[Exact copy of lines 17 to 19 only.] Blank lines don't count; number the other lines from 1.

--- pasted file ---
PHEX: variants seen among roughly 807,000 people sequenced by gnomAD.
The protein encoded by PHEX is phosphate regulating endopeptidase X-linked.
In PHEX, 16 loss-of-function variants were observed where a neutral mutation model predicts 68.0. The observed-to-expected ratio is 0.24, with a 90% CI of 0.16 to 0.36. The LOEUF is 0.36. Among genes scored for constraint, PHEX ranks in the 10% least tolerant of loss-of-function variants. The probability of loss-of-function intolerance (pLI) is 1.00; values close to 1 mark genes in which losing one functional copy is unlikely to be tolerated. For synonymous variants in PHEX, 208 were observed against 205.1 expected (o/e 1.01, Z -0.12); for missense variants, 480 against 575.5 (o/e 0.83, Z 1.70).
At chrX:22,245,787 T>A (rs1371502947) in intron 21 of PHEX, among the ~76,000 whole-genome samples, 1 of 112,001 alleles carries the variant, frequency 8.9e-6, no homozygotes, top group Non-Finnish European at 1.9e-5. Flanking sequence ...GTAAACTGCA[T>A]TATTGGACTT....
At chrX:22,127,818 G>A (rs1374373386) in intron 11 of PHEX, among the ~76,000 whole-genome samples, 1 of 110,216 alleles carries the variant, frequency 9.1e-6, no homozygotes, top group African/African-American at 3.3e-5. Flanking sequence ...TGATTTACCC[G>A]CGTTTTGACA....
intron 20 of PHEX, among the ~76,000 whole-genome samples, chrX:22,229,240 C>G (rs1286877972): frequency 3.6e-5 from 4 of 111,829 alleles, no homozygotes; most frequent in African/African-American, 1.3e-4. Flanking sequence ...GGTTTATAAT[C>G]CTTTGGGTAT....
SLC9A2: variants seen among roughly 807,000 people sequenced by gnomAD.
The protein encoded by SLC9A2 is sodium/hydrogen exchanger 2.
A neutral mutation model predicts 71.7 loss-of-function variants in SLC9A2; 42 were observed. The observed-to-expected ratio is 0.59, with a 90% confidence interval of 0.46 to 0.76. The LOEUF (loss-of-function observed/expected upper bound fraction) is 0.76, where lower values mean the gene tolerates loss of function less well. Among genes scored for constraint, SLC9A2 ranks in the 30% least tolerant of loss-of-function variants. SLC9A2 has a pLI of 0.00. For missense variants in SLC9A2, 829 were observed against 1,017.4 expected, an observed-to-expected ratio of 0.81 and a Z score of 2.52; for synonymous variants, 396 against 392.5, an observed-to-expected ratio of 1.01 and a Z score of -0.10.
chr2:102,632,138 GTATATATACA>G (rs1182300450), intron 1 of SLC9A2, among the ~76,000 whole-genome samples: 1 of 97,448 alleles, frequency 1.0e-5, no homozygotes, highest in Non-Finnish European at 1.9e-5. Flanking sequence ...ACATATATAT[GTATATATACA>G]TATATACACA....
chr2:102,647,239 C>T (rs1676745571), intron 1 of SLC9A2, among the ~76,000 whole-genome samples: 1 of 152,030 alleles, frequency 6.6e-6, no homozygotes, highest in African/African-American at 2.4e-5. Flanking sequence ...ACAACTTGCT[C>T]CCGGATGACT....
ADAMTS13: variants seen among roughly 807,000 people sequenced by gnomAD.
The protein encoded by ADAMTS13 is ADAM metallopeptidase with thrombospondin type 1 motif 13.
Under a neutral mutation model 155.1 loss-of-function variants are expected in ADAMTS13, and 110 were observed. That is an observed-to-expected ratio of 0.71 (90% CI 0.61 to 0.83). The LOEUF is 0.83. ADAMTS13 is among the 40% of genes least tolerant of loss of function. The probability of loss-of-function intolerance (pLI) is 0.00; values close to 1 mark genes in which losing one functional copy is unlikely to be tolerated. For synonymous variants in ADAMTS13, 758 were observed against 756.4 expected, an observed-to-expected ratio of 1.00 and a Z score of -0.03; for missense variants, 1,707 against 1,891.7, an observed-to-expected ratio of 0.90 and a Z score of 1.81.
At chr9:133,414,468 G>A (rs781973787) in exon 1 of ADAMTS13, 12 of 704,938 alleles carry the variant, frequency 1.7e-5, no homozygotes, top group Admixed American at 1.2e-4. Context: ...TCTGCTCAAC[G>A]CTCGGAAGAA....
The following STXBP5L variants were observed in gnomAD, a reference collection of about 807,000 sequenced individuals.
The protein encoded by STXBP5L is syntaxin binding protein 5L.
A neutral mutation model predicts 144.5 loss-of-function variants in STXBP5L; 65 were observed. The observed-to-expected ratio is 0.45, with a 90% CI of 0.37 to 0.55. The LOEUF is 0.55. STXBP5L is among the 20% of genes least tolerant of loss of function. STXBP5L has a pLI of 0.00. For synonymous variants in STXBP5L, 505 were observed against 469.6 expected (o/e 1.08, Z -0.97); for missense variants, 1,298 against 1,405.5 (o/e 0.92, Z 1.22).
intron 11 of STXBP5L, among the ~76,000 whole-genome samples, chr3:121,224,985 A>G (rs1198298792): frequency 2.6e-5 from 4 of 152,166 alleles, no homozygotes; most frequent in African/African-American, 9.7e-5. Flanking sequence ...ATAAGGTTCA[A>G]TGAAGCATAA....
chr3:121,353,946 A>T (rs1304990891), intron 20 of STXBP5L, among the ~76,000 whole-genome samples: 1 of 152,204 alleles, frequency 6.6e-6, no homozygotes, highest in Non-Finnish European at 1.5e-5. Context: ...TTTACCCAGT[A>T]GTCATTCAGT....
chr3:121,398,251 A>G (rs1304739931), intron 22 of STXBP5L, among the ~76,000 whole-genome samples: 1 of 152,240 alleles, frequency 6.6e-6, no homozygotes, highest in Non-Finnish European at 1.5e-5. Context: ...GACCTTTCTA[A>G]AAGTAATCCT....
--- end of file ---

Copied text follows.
The protein encoded by STXBP5L is syntaxin binding protein 5L.
A neutral mutation model predicts 144.5 loss-of-function variants in STXBP5L; 65 were observed. The observed-to-expected ratio is 0.45, with a 90% CI of 0.37 to 0.55. The LOEUF is 0.55. STXBP5L is among the 20% of genes least tolerant of loss of function. STXBP5L has a pLI of 0.00. For synonymous variants in STXBP5L, 505 were observed against 469.6 expected (o/e 1.08, Z -0.97); for missense variants, 1,298 against 1,405.5 (o/e 0.92, Z 1.22).
intron 11 of STXBP5L, among the ~76,000 whole-genome samples, chr3:121,224,985 A>G (rs1198298792): frequency 2.6e-5 from 4 of 152,166 alleles, no homozygotes; most frequent in African/African-American, 9.7e-5. Flanking sequence ...ATAAGGTTCA[A>G]TGAAGCATAA....